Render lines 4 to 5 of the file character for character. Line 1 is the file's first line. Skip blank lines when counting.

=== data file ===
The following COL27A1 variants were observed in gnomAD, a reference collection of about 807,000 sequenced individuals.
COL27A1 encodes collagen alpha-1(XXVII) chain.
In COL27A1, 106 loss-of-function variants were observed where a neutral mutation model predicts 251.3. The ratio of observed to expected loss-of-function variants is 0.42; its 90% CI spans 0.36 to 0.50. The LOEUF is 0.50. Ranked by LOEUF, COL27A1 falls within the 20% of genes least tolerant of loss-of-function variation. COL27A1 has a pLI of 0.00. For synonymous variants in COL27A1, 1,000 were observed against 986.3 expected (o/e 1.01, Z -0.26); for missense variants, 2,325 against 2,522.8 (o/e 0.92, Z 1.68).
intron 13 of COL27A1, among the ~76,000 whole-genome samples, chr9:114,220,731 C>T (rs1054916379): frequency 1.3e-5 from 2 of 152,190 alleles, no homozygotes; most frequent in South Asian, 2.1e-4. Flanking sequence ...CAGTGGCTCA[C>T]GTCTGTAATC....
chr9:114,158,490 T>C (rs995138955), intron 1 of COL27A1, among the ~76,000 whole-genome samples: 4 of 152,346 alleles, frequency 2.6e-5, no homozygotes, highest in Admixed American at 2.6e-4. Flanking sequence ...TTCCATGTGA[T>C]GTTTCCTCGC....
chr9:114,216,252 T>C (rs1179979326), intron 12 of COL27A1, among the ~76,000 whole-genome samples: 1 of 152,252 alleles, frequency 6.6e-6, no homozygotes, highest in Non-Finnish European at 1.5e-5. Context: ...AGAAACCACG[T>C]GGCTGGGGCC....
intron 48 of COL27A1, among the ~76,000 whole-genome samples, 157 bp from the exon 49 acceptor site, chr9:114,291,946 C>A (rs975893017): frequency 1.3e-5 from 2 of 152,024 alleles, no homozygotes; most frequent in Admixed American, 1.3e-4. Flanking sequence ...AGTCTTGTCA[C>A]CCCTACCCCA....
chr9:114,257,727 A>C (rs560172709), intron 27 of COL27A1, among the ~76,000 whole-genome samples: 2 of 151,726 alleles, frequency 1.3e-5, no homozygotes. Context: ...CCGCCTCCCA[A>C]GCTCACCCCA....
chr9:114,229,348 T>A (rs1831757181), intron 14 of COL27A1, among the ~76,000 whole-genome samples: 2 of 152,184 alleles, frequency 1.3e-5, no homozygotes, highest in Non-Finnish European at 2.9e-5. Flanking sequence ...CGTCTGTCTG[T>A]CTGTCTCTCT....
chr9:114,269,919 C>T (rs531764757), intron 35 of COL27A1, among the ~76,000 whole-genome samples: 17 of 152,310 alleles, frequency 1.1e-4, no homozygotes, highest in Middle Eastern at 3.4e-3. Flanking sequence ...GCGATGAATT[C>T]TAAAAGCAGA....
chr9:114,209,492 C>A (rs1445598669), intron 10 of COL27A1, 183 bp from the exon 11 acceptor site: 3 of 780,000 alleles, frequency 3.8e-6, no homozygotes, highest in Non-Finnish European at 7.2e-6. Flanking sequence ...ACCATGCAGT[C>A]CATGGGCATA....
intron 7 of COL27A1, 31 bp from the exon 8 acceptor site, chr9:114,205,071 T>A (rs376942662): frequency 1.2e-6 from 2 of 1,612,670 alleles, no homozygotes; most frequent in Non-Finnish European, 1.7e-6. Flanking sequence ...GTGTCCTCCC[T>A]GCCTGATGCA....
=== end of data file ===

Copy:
intron 13 of COL27A1, among the ~76,000 whole-genome samples, chr9:114,220,731 C>T (rs1054916379): frequency 1.3e-5 from 2 of 152,190 alleles, no homozygotes; most frequent in South Asian, 2.1e-4. Flanking sequence ...CAGTGGCTCA[C>T]GTCTGTAATC....
chr9:114,158,490 T>C (rs995138955), intron 1 of COL27A1, among the ~76,000 whole-genome samples: 4 of 152,346 alleles, frequency 2.6e-5, no homozygotes, highest in Admixed American at 2.6e-4. Flanking sequence ...TTCCATGTGA[T>C]GTTTCCTCGC....